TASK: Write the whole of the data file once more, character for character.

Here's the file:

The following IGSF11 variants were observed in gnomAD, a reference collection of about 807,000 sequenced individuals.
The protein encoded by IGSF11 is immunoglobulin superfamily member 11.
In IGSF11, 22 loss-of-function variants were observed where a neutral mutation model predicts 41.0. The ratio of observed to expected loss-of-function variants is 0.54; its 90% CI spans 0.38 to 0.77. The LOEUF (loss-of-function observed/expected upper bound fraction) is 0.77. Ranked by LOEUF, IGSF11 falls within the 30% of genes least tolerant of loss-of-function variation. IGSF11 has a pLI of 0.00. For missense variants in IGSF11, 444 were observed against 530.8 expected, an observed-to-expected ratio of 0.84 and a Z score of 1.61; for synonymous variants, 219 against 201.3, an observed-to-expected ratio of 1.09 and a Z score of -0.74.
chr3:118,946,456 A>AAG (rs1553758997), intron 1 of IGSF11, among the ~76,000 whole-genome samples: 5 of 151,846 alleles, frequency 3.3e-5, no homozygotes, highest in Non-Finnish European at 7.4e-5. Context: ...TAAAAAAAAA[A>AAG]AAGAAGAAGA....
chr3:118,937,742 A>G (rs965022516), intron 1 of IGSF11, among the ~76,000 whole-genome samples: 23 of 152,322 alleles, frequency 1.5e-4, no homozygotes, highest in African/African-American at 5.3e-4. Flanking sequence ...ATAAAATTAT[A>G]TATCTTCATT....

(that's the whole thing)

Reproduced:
The following IGSF11 variants were observed in gnomAD, a reference collection of about 807,000 sequenced individuals.
The protein encoded by IGSF11 is immunoglobulin superfamily member 11.
In IGSF11, 22 loss-of-function variants were observed where a neutral mutation model predicts 41.0. The ratio of observed to expected loss-of-function variants is 0.54; its 90% CI spans 0.38 to 0.77. The LOEUF (loss-of-function observed/expected upper bound fraction) is 0.77. Ranked by LOEUF, IGSF11 falls within the 30% of genes least tolerant of loss-of-function variation. IGSF11 has a pLI of 0.00. For missense variants in IGSF11, 444 were observed against 530.8 expected, an observed-to-expected ratio of 0.84 and a Z score of 1.61; for synonymous variants, 219 against 201.3, an observed-to-expected ratio of 1.09 and a Z score of -0.74.
chr3:118,946,456 A>AAG (rs1553758997), intron 1 of IGSF11, among the ~76,000 whole-genome samples: 5 of 151,846 alleles, frequency 3.3e-5, no homozygotes, highest in Non-Finnish European at 7.4e-5. Context: ...TAAAAAAAAA[A>AAG]AAGAAGAAGA....
chr3:118,937,742 A>G (rs965022516), intron 1 of IGSF11, among the ~76,000 whole-genome samples: 23 of 152,322 alleles, frequency 1.5e-4, no homozygotes, highest in African/African-American at 5.3e-4. Flanking sequence ...ATAAAATTAT[A>G]TATCTTCATT....